Intel Is The Top Chip Company Again But The Semiconductor Market Is In Shambles

Closeup of the sign at Intel's headquarters.
While not exactly a stunning turn of events, Samsung is no longer the word's top semiconductor vendor, as ranked by revenue. That distinction now belongs to Intel, which regained the crown at the end of 2023 after settling for second place for the previous two years—Intel raked in $48.7 billion in semiconductor revenue, and it also claimed the largest share of the market at 9.1 percent.

Meanwhile, while Samsung ceded the crown, it still ranked high at the No. 2 spot with $39.9 billion in semiconductor revenue for 2023, and a 7.5 percent share of the market.

Being at or near the top is obviously a good thing, though overall it's been deemed a "difficult year" for the semiconductor market as a whole. Total revenue fell to $533 billion for 2023, which is an 11.1 percent drop from the previous year, according to Gartner. In particular, falling and lethargic memory prices dragged the market down.

"While the cyclicality in the semiconductor industry was present again in 2023, the market suffered a difficult year with memory revenue recording one of its worst declines in history," said Alan Priestley, VP Analyst at Gartner. "The underperforming market also negatively impacted several semiconductor vendors. Only 9 of the top 25 semiconductor vendors posted revenue growth in 2023, with 10 experiencing double-digit declines."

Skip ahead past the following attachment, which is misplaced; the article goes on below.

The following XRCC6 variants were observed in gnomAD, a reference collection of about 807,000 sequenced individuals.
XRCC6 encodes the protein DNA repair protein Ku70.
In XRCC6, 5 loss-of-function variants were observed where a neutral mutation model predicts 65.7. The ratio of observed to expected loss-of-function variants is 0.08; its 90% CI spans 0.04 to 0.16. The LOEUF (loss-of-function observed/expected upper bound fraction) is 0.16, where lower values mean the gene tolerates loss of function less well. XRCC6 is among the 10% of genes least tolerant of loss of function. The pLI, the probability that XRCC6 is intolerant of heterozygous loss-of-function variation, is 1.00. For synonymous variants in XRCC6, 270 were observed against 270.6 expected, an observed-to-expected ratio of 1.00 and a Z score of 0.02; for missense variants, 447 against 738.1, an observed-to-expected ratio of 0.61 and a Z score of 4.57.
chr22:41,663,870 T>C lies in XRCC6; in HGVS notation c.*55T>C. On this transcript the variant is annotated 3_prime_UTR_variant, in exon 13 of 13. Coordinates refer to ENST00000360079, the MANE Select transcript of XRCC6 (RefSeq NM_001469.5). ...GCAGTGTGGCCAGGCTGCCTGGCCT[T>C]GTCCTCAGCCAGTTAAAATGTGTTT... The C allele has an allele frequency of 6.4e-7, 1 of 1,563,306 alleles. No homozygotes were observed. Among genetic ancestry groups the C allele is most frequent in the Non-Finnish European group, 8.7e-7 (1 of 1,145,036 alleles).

Gartner's chart of the top 10 semiconductor vendors by revenue in 2023.

Intel's revenue growth for 2023 took a sizable hit, declining 16.7 percent year-over-year. Samsung took an even bigger hit, though, with revenue growth sliding 37.5 percent. This in turn cost the company the No. 1 spot. Qualcomm claimed the No. 3 spot with just over $29 billion in revenue, which is 16.6 percent less than the prior year.

There were some notable exceptions, though, and none bigger than NVIDIA—the GPU designer saw its semiconductor revenue growth balloon 56.4 percent year-over-year to $23.98 billion, which improved its rank from No. 12 in 2022 all the way to No. 5 by the end of 2023. This is the first time in NVIDIA's history that it has cracked the top five, and it's due in large part to its focus on silicon for the burgeoning artificial intelligence (AI) market.

The only other climbers were Broadcom (up 7.2 percent to $25.59 billion) at No. 4 and STMicroelectronics (up 7.7 percent to $17.06 billion) at No. 8.

What about TSMC? Gartner doesn't include the firm in these rankings because it's strictly a fab and doesn't design it's own silicon for sale. And as it relates to non-memory revenue, it fared much better than the memory market, though still slid a bit with a 3 percent year-over-year decline.

"Unlike the memory vendors, most non-memory vendors experienced a relatively benign pricing environment in 2023," said Unsworth. "The demand for non-memory semiconductors for AI applications was the strongest growth driver, with the automotive sector (especially electric vehicles), defense and aerospace industries, also outperforming most other application segments."

It will be interesting to see how the semiconductors rankings hold up at the end of this year. We're still at the relatively early stages of a major push towards AI-enabled experiences and the hardware that will drive them, such as the NPUs in Intel's Core Ultra Meteor Lake processors.